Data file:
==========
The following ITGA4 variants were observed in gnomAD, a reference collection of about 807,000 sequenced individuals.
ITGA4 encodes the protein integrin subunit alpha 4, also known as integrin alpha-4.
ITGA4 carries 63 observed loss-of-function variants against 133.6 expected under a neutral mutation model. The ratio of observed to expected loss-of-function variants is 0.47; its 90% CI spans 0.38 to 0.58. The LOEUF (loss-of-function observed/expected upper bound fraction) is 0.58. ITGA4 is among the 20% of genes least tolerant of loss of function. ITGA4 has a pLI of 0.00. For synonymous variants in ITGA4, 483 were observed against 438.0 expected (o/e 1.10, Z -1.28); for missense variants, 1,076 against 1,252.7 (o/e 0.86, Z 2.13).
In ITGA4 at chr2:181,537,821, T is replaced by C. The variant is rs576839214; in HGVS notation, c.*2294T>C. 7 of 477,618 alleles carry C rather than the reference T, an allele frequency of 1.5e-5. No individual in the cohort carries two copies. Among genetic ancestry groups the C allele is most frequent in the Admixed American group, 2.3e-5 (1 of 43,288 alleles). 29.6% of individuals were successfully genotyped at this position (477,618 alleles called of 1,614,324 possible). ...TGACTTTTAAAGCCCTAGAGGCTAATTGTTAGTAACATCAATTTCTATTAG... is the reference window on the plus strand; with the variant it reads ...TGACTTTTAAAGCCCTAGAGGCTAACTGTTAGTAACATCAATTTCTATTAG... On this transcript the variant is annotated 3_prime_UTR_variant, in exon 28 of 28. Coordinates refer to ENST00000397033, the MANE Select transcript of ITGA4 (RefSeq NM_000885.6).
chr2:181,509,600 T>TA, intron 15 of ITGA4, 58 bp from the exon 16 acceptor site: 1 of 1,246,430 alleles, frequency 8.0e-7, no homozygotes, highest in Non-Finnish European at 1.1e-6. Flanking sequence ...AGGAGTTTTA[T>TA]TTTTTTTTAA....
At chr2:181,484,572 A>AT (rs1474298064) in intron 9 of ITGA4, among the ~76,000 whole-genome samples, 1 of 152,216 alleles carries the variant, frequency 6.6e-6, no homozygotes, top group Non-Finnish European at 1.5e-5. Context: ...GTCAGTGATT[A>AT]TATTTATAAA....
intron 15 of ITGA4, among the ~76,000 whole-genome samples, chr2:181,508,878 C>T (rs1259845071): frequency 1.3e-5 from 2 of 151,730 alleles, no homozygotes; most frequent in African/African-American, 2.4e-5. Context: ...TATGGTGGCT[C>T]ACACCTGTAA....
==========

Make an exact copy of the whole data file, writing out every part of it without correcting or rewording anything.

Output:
The following ITGA4 variants were observed in gnomAD, a reference collection of about 807,000 sequenced individuals.
ITGA4 encodes the protein integrin subunit alpha 4, also known as integrin alpha-4.
ITGA4 carries 63 observed loss-of-function variants against 133.6 expected under a neutral mutation model. The ratio of observed to expected loss-of-function variants is 0.47; its 90% CI spans 0.38 to 0.58. The LOEUF (loss-of-function observed/expected upper bound fraction) is 0.58. ITGA4 is among the 20% of genes least tolerant of loss of function. ITGA4 has a pLI of 0.00. For synonymous variants in ITGA4, 483 were observed against 438.0 expected (o/e 1.10, Z -1.28); for missense variants, 1,076 against 1,252.7 (o/e 0.86, Z 2.13).
In ITGA4 at chr2:181,537,821, T is replaced by C. The variant is rs576839214; in HGVS notation, c.*2294T>C. 7 of 477,618 alleles carry C rather than the reference T, an allele frequency of 1.5e-5. No individual in the cohort carries two copies. Among genetic ancestry groups the C allele is most frequent in the Admixed American group, 2.3e-5 (1 of 43,288 alleles). 29.6% of individuals were successfully genotyped at this position (477,618 alleles called of 1,614,324 possible). ...TGACTTTTAAAGCCCTAGAGGCTAATTGTTAGTAACATCAATTTCTATTAG... is the reference window on the plus strand; with the variant it reads ...TGACTTTTAAAGCCCTAGAGGCTAACTGTTAGTAACATCAATTTCTATTAG... On this transcript the variant is annotated 3_prime_UTR_variant, in exon 28 of 28. Coordinates refer to ENST00000397033, the MANE Select transcript of ITGA4 (RefSeq NM_000885.6).
chr2:181,509,600 T>TA, intron 15 of ITGA4, 58 bp from the exon 16 acceptor site: 1 of 1,246,430 alleles, frequency 8.0e-7, no homozygotes, highest in Non-Finnish European at 1.1e-6. Flanking sequence ...AGGAGTTTTA[T>TA]TTTTTTTTAA....
At chr2:181,484,572 A>AT (rs1474298064) in intron 9 of ITGA4, among the ~76,000 whole-genome samples, 1 of 152,216 alleles carries the variant, frequency 6.6e-6, no homozygotes, top group Non-Finnish European at 1.5e-5. Context: ...GTCAGTGATT[A>AT]TATTTATAAA....
intron 15 of ITGA4, among the ~76,000 whole-genome samples, chr2:181,508,878 C>T (rs1259845071): frequency 1.3e-5 from 2 of 151,730 alleles, no homozygotes; most frequent in African/African-American, 2.4e-5. Context: ...TATGGTGGCT[C>T]ACACCTGTAA....